Books

James Franco Stars As Another Poet In ‘The Color of Time’ Trailer

The world, apparently, has not yet gotten its fill of James Franco. The actor/artist/short story writer is starring in the… Read More

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Watch Carey Mulligan as Bathsheba Everdene in ‘Far From The Madding Crowd’ Trailer

Carey Mulligan has kept a low profile since Baz Luhrman’s 2013 The Great Gatsby, in which she starred as the… Read More

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The Short Stories Behind 10 Famous Films

We’ve been anticipating the audiobook release of John McManusStop Breakin Down — the short story collection that won him a prestigious Whiting Writers’ Award, for which he was the youngest recipient. “Here is rage on the page,” the Los Angeles Times wrote of McManus’ stories about “people driven to the brink of endurance and survival.” Writer Dane Elcar narrates the audio version, imbuing the tales with a cinematic quality. The release got us thinking about the ways literature is translated from page to screen and the many short stories that have made the leap to cinema. Here are ten of our favorites for your comparison and perusal. … Read More

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The Wolfen Book Covers of Jack London

“He was sounding the deeps of his nature, and of the parts of his nature that were deeper than he, going back into the womb of Time,” wrote Jack London in his 1903 classic novel The Call of the Wild. The story centers on a dog named Buck who is sold off and shipped to the Klondike to be trained as a sled dog. The harsh conditions and treatment ignite his primitive, wolflike ways — and he becomes the story’s mythical hero. London’s 1906 novel White Fang finds a wolfdog on the journey to domesticity. The author’s experiences as a “hobo,” sailor, and journalist took him to faraway places — many which become the settings for his stories. “It was in the Klondike I found myself,” he wrote while reflecting on his days in the Yukon Territory. London always had a penchant for dogs and animals, and his cold-weather travels found him surrounded by them. The wolves and dogs of London’s stories made their way to the covers of his books, which we’ve collected in memory of the author. … Read More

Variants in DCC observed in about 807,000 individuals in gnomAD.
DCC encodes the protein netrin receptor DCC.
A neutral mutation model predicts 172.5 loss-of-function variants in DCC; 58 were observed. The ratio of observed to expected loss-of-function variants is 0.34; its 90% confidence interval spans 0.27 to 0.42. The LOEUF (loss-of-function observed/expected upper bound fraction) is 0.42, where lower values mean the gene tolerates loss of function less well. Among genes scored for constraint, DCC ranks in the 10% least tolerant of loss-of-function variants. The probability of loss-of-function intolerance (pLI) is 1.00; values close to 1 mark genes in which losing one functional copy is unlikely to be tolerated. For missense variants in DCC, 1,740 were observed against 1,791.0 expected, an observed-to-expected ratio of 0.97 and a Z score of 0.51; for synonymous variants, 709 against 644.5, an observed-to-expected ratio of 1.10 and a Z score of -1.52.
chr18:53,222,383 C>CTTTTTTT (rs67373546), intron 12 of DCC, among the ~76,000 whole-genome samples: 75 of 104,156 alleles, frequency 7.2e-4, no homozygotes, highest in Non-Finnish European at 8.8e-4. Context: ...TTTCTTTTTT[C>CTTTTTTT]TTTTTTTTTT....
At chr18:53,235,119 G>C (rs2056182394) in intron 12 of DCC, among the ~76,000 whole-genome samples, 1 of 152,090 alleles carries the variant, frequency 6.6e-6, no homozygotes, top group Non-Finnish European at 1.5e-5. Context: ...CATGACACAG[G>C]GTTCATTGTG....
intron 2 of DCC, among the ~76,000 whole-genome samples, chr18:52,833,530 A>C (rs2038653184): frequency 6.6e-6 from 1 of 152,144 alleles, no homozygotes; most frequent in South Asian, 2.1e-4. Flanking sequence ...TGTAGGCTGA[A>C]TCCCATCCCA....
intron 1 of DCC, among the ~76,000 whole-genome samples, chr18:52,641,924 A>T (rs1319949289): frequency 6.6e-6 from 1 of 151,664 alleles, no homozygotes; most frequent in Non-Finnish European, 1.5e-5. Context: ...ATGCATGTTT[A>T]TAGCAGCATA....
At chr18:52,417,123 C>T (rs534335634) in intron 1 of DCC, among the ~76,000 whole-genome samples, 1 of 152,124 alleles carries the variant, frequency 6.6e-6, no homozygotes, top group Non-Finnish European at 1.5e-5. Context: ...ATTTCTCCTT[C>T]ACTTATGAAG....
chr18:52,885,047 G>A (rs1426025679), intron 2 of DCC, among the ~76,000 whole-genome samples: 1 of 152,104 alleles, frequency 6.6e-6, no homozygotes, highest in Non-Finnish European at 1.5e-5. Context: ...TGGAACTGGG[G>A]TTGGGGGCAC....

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The 50 Best Independent Fiction and Poetry Books of 2014

2014 will go down as a landmark year in independent literature, chiefly because a few longstanding “trends” or “developments” are hardening into verifiable traits of fiction and poetry beyond Big Publishing. Independent poetry, in the works of such writers as Claudia Rankine and Andrew Durbin, is becoming more sophisticated in the way it encroaches upon other forms of visual and literary art. In fiction, a greater tendency toward autofictional novels of emotional maturation — typically in a cruel world — is colliding with the arriving generation’s faith in the bending of genres. The increasing confidence these writers have in their forms is beginning to show in the way they assert themselves against an older generation, sure, but it’s also showing up in the quality of the books. Plainly put: line for line, stanza for stanza, independent writing, and therefore independent publishing, is better than it was just a few years… Read More

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Searching for Clues — and Closure — in Ian Curtis’ and Kurt Cobain’s Handwritten Archives

Ian Curtis wrote in all caps, often with a Sharpie. When he wanted to change a word in his lyrics or notes, he’d scratch out his former word choice utterly completely — as if he wanted to erase it from existence. In a lot of ways, the Joy Division leader’s handwriting seems to reflect his personality: “Ian was a very definite person,” says Jon Savage, the co-editor of So This Is Permanence, a collection of Curtis’ notebooks released last month by Chronicle Books. “If he didn’t like something, he would eventually make his displeasure shown. He was a Cancer.” … Read More

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Meghan Daum’s ‘The Unspeakable’ Is a Harrowing Tale of Generation X Growing Up

Some essayists, perhaps because you share demographics like age and background, end up occupying oddly intimate places in your life. Meghan Daum — the original New Yorker-approved, essayist voice of Generation X — is one of them. She’s felt like a big sister ever since I found a copy of My Misspent Youth, her 2001 essay collection, at a bookstore. My Misspent Youth was the announcement of a bright new voice in nonfiction, and Daum was able to look tough topics in the eye — the lies of a literary life in New York, her staggering amount of debt, what it’s like when a friend dies at too young of an age. She was warm and realistic and not afraid to seem like an asshole. … Read More

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Author Daniel Handler Apologizes For Racist Jokes, Donating (and Matching) $10K Plus to Nonprofit We Need Diverse Books

After Wednesday’s National Book Awards Ceremony was marred by author and emcee Daniel Handler’s racist jokes, the writer and artist,… Read More

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Watch the Badass Ursula K. LeGuin NBA Speech That People Are Calling “Show-Stealing” and “Prophetic”

“We live in capitalism. Its power seems inescapable. So did the divine right of kings,” Ursula K. LeGuin … Read More

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Relax: EDM Is Getting Its Comprehensive History Book

Michaelangelo Matos, the best-named music journalist of all time, is writing the first comprehensive book about electronic dance music… Read More

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